"Sesame Workshop’s mission is to harness the educational power of media to help all children the world over reach their highest potential," the statement read. "Kevin Clash has helped us achieve that mission for 28 years, and none of us, especially Kevin, want anything to divert our attention from our focus on serving as a leading educational organization.
"Unfortunately, the controversy surrounding Kevin’s personal life has become a distraction that none of us want, and he has concluded that he can no longer be effective in his job and has resigned from 'Sesame Street.' This is a sad day for 'Sesame Street.'"
In the new lawsuit, filed Tuesday in New York, Cecil Singleton says he met Clash, then 32, in a gay chat room in 1993, when Singleton was 15, and they began a relationship.
Another man made similar charges earlier this month, and later recanted, saying he was of age when the relationship began. On Nov. 12, Clash, 52, took a leave of absence from the show following allegations of the first relationship.
That first man, now 24 and a college student, reached out to Sesame Workshop in June and said he was just 16 when he had a relationship with Clash. The company said in a statement that it investigated the relationship and found the charges that the man was underage to be "unsubstantiated," but that Clash was disciplined for using poor judgment and violating company Internet usage policy.
On Nov. 13, a Pennsylvania law firm representing the first man issued a statement saying their client had recanted his claim that the relationship began when he was underage, calling it an "adult consensual relationship" and saying the man would have no further comment.
"I am a gay man. I have never been ashamed of this or tried to hide it, but felt it was a personal and private matter," Clash said last week in a statement to NBC News issued through a representative. "I had a relationship with the accuser. It was between two consenting adults and I am deeply saddened that he is trying to characterize it as something other than what it was. I am taking a break from Sesame Workshop to deal with this false and defamatory allegation."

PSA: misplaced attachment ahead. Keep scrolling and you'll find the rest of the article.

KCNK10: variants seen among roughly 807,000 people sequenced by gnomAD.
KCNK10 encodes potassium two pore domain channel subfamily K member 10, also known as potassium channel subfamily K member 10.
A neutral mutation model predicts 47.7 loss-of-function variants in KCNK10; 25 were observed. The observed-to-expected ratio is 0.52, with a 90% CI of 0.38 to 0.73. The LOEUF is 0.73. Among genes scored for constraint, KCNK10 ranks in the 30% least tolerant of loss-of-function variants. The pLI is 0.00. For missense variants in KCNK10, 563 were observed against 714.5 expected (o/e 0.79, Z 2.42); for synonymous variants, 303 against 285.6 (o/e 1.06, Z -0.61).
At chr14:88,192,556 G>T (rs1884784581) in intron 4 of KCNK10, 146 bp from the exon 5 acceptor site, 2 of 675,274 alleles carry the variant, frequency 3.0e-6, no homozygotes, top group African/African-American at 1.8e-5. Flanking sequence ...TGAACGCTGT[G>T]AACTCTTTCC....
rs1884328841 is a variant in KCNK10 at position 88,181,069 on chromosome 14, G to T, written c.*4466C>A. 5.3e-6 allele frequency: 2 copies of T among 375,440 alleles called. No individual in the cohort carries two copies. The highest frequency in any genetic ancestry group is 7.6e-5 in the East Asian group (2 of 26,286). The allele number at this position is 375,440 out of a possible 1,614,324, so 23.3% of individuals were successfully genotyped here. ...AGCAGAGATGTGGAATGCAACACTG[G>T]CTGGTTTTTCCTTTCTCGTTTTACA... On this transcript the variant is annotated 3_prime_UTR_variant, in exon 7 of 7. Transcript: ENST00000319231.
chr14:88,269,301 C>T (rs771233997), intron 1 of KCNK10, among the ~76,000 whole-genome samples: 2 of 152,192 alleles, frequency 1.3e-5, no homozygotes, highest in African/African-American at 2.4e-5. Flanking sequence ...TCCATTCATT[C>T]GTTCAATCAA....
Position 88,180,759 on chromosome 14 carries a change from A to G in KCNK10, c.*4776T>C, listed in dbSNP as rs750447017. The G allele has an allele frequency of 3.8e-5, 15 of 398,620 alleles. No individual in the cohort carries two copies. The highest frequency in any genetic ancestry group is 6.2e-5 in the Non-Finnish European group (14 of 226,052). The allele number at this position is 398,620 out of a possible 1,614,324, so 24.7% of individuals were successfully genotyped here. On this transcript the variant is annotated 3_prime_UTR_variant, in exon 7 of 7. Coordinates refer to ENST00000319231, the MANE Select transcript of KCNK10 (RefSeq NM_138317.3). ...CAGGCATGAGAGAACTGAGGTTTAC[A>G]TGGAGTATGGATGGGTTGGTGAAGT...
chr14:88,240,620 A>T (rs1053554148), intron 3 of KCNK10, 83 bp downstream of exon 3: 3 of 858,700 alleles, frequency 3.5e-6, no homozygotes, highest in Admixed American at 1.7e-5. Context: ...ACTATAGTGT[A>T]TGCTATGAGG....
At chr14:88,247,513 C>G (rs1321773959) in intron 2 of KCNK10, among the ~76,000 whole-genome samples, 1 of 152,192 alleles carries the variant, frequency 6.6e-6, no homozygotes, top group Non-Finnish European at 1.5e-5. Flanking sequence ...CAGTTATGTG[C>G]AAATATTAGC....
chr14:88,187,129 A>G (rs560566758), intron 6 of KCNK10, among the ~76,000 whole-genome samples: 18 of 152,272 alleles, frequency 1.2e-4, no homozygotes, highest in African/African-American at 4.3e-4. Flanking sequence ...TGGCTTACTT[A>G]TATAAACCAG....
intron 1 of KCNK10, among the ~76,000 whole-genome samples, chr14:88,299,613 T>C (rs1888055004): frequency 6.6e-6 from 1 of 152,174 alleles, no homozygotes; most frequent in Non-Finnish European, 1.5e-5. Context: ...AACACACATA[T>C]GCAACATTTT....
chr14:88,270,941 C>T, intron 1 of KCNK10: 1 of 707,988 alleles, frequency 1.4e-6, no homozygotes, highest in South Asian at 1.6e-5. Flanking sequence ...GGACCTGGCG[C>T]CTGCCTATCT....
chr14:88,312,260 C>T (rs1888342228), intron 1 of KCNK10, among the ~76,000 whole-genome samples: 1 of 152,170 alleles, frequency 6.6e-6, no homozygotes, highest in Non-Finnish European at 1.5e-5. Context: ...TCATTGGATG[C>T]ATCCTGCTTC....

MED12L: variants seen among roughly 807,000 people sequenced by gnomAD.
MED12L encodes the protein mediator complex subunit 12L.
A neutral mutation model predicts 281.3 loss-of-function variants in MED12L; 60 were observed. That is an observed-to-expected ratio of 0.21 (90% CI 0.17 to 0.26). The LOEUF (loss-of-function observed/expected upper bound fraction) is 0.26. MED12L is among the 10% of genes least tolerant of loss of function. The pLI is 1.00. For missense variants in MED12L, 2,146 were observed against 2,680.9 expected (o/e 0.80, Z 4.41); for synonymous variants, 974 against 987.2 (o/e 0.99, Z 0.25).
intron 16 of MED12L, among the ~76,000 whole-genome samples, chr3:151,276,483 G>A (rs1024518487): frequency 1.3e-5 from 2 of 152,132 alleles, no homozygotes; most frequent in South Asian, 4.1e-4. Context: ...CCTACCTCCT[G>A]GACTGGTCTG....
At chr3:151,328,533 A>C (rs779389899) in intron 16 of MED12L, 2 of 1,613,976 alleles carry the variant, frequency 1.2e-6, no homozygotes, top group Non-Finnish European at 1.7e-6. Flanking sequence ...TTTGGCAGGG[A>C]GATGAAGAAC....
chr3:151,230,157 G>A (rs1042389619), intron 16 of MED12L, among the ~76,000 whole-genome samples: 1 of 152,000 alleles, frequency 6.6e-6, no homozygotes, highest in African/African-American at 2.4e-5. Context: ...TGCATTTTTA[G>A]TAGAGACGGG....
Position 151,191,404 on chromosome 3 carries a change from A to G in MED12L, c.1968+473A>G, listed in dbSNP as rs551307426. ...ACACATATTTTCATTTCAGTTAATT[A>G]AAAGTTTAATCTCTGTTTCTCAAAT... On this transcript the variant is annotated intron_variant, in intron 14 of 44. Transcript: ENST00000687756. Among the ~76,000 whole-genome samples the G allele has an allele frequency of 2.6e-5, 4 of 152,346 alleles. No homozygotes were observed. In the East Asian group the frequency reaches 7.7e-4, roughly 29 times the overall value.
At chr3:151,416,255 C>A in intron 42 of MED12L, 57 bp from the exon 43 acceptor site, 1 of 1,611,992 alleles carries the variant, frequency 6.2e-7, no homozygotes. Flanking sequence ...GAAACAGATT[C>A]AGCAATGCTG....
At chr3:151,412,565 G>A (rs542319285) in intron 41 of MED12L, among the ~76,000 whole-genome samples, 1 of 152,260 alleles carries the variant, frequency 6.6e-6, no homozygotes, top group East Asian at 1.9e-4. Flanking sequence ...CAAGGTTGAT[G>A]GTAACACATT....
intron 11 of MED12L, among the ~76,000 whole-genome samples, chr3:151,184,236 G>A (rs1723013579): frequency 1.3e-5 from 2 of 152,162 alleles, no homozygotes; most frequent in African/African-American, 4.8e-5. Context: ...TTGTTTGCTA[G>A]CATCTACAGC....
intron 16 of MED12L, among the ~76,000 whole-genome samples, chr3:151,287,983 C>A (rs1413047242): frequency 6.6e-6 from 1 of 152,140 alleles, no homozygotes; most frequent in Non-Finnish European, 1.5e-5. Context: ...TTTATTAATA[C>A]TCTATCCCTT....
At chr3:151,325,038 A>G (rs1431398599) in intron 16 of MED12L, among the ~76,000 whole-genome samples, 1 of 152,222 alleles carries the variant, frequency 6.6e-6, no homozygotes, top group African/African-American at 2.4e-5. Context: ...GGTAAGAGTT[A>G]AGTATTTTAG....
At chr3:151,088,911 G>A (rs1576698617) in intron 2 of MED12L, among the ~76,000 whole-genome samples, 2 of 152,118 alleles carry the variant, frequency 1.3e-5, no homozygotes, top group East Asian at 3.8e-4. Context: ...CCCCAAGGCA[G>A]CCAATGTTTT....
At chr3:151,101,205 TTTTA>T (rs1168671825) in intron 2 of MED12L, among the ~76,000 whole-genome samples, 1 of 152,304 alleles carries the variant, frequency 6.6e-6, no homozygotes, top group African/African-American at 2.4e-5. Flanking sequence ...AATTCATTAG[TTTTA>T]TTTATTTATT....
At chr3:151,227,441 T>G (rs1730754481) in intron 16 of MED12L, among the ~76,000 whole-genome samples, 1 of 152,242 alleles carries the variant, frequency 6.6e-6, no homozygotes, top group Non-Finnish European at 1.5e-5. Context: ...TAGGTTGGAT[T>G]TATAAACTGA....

Clash has performed with Sesame Street characters since 1979, when he played Cookie Monster in the "Macy's Thanksgiving Day Parade." He became an official puppeteer on "Sesame Street" in 1984 and created character voices for puppets such as Baby Natasha and Dr. Nobel Price, but the marriage of Elmo and Clash's stylized high-pitched toddler voice caught fire once he began voicing the puppet in 1985. (Elmo had been a recurring puppet on the show since the early 1970s, but not a major player until Clash took over.)
Clash was the subject of a 2011 documentary, "Being Elmo," which documented his lifelong love of puppeteering.
"Elmo is bigger than any one person and will continue to be an integral part of 'Sesame Street' to engage, educate and inspire children around the world," said Sesame Workshop when Clash took his earlier leave.
-- Additional reporting by Randee Dawn
- Kevin Clash's accuser recants underage accusation
- Elmo puppeteer takes leave, denies relationship with underage man
- A look at four other 'Sesame Street' controversies
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